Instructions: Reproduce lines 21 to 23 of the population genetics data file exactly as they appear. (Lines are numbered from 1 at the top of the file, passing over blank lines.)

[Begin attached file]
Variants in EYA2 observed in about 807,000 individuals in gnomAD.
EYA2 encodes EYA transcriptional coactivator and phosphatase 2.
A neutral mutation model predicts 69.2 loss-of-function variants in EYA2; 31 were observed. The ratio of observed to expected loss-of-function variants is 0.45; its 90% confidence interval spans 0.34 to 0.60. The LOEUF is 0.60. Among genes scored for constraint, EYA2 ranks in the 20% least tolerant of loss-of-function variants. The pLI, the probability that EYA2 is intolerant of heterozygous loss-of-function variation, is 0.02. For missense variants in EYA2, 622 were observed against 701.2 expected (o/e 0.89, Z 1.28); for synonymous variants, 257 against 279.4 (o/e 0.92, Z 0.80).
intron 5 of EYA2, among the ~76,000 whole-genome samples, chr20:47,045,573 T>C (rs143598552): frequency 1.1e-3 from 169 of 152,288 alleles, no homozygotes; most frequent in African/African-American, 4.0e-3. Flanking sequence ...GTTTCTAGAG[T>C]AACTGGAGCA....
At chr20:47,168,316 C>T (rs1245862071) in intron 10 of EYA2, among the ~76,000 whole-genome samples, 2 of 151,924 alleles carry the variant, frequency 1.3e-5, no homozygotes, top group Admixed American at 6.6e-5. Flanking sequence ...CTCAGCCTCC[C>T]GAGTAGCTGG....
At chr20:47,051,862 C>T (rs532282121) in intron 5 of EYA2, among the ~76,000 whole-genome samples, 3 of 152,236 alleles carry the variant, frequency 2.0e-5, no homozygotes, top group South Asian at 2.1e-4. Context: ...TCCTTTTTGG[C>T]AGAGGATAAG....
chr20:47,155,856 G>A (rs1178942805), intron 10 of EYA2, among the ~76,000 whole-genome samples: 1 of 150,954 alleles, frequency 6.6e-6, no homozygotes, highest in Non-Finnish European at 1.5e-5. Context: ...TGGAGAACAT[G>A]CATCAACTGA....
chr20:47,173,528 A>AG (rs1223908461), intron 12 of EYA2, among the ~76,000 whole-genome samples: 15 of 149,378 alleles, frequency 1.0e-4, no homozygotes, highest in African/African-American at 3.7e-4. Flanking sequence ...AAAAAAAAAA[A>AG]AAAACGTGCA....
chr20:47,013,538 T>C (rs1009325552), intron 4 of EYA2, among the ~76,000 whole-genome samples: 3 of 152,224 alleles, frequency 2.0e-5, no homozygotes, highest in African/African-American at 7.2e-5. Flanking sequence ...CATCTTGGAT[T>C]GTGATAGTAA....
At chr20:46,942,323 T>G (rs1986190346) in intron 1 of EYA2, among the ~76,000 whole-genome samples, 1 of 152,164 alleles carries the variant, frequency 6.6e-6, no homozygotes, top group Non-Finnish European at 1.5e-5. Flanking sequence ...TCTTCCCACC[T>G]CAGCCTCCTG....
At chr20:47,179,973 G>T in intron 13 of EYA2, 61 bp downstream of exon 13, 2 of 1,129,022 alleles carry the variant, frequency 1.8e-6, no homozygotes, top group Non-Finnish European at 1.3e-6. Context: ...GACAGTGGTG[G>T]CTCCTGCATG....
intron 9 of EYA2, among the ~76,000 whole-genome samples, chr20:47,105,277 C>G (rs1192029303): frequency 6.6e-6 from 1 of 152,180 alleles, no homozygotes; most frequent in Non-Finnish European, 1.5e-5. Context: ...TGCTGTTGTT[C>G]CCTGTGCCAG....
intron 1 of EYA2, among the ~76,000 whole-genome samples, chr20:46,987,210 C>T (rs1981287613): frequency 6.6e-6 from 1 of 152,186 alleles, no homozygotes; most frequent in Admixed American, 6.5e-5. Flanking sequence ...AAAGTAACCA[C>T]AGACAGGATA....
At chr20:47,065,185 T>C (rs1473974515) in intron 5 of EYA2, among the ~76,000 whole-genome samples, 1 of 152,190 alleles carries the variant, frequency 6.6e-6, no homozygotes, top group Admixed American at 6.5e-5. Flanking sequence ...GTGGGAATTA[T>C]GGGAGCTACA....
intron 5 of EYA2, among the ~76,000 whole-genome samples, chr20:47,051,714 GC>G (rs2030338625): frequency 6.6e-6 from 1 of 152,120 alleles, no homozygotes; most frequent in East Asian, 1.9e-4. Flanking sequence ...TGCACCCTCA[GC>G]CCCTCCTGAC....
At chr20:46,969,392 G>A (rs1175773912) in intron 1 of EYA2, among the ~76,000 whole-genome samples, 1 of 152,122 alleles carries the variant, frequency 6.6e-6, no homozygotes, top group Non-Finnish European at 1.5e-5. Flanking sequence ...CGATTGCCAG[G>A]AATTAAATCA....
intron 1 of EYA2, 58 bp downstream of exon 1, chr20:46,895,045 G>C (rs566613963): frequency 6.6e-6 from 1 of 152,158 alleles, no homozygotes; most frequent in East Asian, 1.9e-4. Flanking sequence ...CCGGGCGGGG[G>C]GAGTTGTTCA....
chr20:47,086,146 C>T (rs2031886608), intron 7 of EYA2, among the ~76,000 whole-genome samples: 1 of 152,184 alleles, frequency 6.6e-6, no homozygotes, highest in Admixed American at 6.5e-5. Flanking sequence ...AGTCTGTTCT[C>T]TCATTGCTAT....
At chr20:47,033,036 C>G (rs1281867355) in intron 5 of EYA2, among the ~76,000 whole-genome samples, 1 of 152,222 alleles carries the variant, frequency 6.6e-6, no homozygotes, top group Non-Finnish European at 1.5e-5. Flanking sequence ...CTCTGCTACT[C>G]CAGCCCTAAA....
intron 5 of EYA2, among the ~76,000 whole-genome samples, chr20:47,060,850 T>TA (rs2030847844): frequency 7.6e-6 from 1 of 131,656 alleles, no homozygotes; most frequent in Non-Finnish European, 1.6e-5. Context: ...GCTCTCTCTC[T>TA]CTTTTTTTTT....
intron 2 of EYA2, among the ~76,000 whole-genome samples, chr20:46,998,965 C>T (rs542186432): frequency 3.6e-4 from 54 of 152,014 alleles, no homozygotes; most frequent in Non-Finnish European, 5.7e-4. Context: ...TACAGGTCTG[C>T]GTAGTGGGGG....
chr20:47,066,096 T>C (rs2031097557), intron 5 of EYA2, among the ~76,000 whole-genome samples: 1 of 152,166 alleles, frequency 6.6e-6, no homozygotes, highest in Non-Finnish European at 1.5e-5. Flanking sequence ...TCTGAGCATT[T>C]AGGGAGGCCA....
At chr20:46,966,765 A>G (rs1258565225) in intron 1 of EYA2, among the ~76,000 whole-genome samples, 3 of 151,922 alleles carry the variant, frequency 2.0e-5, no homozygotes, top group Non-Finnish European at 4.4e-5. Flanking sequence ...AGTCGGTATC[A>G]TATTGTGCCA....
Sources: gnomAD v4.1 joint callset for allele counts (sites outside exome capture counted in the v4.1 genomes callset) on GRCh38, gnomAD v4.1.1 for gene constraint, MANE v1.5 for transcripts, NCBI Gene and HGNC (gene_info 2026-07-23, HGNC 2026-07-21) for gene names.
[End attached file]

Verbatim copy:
intron 2 of EYA2, among the ~76,000 whole-genome samples, chr20:46,998,965 C>T (rs542186432): frequency 3.6e-4 from 54 of 152,014 alleles, no homozygotes; most frequent in Non-Finnish European, 5.7e-4. Context: ...TACAGGTCTG[C>T]GTAGTGGGGG....
chr20:47,066,096 T>C (rs2031097557), intron 5 of EYA2, among the ~76,000 whole-genome samples: 1 of 152,166 alleles, frequency 6.6e-6, no homozygotes, highest in Non-Finnish European at 1.5e-5. Flanking sequence ...TCTGAGCATT[T>C]AGGGAGGCCA....
At chr20:46,966,765 A>G (rs1258565225) in intron 1 of EYA2, among the ~76,000 whole-genome samples, 3 of 151,922 alleles carry the variant, frequency 2.0e-5, no homozygotes, top group Non-Finnish European at 4.4e-5. Flanking sequence ...AGTCGGTATC[A>G]TATTGTGCCA....